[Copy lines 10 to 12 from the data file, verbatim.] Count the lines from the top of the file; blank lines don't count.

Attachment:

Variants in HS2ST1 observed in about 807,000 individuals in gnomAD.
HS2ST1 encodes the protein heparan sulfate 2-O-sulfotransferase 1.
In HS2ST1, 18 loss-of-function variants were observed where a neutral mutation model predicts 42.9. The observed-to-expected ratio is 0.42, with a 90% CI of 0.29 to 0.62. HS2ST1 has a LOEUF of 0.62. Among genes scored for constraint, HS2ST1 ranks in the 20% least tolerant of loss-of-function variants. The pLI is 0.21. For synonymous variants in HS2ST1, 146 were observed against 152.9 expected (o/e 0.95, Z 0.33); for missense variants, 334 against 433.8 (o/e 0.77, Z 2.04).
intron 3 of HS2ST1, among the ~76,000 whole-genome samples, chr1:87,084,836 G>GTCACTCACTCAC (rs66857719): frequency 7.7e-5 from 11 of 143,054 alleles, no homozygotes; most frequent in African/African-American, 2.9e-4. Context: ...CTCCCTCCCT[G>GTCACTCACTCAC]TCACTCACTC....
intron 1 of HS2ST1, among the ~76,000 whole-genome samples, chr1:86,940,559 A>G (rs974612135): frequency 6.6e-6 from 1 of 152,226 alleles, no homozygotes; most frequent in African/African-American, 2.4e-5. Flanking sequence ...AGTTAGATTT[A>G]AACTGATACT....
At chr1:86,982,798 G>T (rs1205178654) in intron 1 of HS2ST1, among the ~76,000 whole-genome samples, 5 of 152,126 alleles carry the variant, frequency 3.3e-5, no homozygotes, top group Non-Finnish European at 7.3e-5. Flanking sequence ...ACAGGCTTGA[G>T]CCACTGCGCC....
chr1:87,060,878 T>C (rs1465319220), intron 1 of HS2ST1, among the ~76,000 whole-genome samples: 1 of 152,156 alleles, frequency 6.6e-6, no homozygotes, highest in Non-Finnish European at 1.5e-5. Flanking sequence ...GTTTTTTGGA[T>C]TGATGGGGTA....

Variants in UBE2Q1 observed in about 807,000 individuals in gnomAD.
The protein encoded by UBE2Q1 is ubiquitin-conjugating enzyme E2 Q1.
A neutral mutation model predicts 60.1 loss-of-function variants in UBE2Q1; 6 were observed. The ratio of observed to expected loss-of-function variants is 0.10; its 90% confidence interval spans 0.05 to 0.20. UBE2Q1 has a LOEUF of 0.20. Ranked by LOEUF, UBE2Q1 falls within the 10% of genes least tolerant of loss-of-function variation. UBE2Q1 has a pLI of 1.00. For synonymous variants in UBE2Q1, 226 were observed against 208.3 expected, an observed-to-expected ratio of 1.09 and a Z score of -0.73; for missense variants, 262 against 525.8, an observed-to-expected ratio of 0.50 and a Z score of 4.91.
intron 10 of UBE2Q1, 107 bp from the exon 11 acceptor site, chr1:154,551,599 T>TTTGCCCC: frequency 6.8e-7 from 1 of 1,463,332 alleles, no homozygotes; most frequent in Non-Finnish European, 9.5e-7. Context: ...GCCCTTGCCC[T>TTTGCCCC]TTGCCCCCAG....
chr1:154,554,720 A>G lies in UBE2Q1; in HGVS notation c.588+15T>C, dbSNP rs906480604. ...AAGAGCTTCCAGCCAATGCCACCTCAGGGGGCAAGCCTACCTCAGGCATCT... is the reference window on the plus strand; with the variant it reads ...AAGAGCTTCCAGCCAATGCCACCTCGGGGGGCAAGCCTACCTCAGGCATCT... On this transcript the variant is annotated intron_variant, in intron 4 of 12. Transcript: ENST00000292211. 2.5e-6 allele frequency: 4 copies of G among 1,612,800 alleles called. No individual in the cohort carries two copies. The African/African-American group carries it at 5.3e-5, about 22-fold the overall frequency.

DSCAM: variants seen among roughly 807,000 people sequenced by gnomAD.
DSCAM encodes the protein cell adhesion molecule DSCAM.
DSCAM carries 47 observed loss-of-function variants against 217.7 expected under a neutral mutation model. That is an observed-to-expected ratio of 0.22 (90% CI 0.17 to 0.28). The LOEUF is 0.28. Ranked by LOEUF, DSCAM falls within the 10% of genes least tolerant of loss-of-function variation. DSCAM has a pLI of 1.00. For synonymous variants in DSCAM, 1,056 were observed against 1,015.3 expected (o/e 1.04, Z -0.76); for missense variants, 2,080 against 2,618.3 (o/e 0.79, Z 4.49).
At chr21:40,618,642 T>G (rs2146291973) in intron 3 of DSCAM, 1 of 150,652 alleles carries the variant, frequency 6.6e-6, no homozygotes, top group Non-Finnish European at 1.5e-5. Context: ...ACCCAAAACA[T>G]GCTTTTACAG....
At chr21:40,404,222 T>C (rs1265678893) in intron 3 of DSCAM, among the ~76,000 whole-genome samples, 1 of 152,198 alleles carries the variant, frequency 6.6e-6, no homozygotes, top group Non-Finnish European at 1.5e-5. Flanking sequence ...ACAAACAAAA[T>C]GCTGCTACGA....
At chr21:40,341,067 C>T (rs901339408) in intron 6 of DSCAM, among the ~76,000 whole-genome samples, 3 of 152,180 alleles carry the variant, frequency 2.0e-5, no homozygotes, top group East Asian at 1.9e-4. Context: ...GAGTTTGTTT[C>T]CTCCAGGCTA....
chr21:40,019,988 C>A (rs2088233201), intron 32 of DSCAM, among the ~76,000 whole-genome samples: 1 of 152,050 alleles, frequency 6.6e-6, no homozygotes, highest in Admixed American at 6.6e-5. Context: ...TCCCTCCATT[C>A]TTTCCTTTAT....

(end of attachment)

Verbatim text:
A neutral mutation model predicts 60.1 loss-of-function variants in UBE2Q1; 6 were observed. The ratio of observed to expected loss-of-function variants is 0.10; its 90% confidence interval spans 0.05 to 0.20. UBE2Q1 has a LOEUF of 0.20. Ranked by LOEUF, UBE2Q1 falls within the 10% of genes least tolerant of loss-of-function variation. UBE2Q1 has a pLI of 1.00. For synonymous variants in UBE2Q1, 226 were observed against 208.3 expected, an observed-to-expected ratio of 1.09 and a Z score of -0.73; for missense variants, 262 against 525.8, an observed-to-expected ratio of 0.50 and a Z score of 4.91.
intron 10 of UBE2Q1, 107 bp from the exon 11 acceptor site, chr1:154,551,599 T>TTTGCCCC: frequency 6.8e-7 from 1 of 1,463,332 alleles, no homozygotes; most frequent in Non-Finnish European, 9.5e-7. Context: ...GCCCTTGCCC[T>TTTGCCCC]TTGCCCCCAG....
chr1:154,554,720 A>G lies in UBE2Q1; in HGVS notation c.588+15T>C, dbSNP rs906480604. ...AAGAGCTTCCAGCCAATGCCACCTCAGGGGGCAAGCCTACCTCAGGCATCT... is the reference window on the plus strand; with the variant it reads ...AAGAGCTTCCAGCCAATGCCACCTCGGGGGGCAAGCCTACCTCAGGCATCT... On this transcript the variant is annotated intron_variant, in intron 4 of 12. Transcript: ENST00000292211. 2.5e-6 allele frequency: 4 copies of G among 1,612,800 alleles called. No individual in the cohort carries two copies. The African/African-American group carries it at 5.3e-5, about 22-fold the overall frequency.